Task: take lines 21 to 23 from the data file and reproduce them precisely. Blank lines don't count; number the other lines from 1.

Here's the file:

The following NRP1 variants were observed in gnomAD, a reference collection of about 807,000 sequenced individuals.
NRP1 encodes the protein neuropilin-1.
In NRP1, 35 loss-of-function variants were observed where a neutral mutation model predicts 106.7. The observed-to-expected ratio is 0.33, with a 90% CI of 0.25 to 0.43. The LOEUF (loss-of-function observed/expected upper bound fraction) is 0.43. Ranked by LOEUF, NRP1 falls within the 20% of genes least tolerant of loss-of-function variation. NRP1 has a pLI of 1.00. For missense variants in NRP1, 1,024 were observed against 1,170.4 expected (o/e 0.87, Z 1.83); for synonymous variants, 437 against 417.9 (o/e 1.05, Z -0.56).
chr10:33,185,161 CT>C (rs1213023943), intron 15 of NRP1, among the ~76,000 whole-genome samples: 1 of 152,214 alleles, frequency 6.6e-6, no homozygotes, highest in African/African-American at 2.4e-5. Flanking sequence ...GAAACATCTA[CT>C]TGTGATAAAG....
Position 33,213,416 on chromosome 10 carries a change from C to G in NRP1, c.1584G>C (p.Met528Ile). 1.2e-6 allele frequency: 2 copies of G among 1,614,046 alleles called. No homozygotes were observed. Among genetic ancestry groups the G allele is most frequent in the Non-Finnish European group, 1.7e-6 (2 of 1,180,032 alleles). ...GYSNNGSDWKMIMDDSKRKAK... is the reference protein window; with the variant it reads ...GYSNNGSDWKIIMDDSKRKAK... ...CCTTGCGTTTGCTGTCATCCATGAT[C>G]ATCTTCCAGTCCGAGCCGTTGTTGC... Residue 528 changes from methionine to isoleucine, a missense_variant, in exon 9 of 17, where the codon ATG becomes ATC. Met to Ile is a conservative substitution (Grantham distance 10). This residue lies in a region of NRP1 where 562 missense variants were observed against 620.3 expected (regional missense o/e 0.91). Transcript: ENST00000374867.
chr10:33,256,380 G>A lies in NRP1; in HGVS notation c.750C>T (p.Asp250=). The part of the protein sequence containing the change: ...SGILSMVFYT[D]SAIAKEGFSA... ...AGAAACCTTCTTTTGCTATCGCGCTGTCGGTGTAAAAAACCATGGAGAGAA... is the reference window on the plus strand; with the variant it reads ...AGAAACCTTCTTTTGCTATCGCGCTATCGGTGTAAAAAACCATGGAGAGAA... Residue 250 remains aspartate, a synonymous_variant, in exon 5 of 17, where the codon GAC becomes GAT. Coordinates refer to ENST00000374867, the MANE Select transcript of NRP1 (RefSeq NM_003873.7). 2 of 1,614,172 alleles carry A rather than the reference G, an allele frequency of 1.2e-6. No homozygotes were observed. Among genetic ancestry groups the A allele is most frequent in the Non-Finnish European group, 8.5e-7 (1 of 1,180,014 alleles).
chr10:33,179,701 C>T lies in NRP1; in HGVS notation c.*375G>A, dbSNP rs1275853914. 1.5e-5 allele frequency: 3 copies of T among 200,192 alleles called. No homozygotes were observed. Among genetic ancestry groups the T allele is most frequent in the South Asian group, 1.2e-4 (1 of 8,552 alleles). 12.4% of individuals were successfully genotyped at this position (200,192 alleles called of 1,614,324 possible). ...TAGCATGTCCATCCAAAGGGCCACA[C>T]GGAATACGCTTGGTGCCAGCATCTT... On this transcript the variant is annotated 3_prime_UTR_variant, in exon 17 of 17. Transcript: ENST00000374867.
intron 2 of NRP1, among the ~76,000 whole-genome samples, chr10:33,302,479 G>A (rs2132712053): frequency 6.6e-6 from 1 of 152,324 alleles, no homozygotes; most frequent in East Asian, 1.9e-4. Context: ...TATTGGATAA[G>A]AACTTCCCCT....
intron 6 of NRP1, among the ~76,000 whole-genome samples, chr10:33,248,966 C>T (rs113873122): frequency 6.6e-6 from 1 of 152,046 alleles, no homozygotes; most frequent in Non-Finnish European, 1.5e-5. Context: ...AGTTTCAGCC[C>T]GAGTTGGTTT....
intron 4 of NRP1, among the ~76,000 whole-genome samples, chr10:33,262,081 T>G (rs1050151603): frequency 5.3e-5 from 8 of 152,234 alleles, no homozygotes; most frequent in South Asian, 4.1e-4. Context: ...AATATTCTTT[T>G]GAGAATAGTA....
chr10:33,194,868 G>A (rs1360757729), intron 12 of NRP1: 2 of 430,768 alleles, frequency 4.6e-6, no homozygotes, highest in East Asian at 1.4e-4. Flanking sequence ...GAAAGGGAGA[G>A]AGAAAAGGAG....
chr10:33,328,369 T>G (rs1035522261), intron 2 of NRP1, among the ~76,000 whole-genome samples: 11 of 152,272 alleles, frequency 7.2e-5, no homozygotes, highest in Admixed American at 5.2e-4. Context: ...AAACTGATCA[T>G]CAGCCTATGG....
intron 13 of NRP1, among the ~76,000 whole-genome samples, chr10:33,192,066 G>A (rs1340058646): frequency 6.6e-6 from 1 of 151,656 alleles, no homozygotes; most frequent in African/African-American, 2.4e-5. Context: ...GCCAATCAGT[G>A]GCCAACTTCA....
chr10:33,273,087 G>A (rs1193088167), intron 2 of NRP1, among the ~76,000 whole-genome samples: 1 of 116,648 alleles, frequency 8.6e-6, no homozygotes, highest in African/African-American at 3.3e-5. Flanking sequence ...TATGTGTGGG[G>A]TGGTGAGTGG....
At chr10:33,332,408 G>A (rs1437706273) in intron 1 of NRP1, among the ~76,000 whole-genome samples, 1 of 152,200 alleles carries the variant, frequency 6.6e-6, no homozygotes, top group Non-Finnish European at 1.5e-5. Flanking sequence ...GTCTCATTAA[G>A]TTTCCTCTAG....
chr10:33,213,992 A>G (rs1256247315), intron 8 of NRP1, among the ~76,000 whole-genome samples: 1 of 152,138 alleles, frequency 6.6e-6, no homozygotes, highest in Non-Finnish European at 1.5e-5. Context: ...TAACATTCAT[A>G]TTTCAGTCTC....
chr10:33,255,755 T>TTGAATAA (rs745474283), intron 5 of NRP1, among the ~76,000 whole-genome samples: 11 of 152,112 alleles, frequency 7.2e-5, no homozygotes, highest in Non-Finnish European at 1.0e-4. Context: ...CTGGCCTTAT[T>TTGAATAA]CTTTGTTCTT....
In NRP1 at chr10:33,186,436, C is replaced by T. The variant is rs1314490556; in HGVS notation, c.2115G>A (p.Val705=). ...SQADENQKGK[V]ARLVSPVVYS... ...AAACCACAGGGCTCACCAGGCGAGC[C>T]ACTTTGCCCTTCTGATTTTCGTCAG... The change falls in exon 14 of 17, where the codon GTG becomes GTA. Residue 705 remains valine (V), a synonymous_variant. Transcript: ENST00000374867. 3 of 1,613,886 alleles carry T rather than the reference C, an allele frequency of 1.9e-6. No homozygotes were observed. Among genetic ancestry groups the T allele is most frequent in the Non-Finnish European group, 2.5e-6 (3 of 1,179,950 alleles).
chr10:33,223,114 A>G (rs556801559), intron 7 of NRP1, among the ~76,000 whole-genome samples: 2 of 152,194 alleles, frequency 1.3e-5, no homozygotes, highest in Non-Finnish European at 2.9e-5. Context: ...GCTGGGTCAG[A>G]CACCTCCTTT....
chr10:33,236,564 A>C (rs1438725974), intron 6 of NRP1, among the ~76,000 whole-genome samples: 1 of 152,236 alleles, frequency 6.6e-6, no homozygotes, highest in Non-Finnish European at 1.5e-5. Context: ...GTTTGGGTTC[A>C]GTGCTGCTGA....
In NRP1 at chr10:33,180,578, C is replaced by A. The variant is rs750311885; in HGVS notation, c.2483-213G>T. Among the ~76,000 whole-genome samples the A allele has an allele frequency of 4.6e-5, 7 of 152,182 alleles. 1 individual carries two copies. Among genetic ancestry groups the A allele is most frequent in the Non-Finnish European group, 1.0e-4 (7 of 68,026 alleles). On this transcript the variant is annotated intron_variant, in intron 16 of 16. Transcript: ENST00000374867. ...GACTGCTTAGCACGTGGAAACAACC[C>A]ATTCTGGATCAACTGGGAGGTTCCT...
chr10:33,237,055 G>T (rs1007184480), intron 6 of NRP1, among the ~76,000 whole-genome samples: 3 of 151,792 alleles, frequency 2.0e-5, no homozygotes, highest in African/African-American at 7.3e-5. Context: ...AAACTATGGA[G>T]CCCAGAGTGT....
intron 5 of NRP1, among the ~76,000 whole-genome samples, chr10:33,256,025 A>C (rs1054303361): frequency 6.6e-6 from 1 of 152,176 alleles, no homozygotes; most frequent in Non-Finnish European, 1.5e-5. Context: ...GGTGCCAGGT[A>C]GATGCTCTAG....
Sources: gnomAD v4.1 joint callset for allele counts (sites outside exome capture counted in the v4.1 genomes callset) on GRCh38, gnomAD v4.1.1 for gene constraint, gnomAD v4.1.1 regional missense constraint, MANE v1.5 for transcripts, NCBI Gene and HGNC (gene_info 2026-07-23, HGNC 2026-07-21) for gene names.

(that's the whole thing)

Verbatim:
In NRP1 at chr10:33,180,578, C is replaced by A. The variant is rs750311885; in HGVS notation, c.2483-213G>T. Among the ~76,000 whole-genome samples the A allele has an allele frequency of 4.6e-5, 7 of 152,182 alleles. 1 individual carries two copies. Among genetic ancestry groups the A allele is most frequent in the Non-Finnish European group, 1.0e-4 (7 of 68,026 alleles). On this transcript the variant is annotated intron_variant, in intron 16 of 16. Transcript: ENST00000374867. ...GACTGCTTAGCACGTGGAAACAACC[C>A]ATTCTGGATCAACTGGGAGGTTCCT...
chr10:33,237,055 G>T (rs1007184480), intron 6 of NRP1, among the ~76,000 whole-genome samples: 3 of 151,792 alleles, frequency 2.0e-5, no homozygotes, highest in African/African-American at 7.3e-5. Context: ...AAACTATGGA[G>T]CCCAGAGTGT....
intron 5 of NRP1, among the ~76,000 whole-genome samples, chr10:33,256,025 A>C (rs1054303361): frequency 6.6e-6 from 1 of 152,176 alleles, no homozygotes; most frequent in Non-Finnish European, 1.5e-5. Context: ...GGTGCCAGGT[A>C]GATGCTCTAG....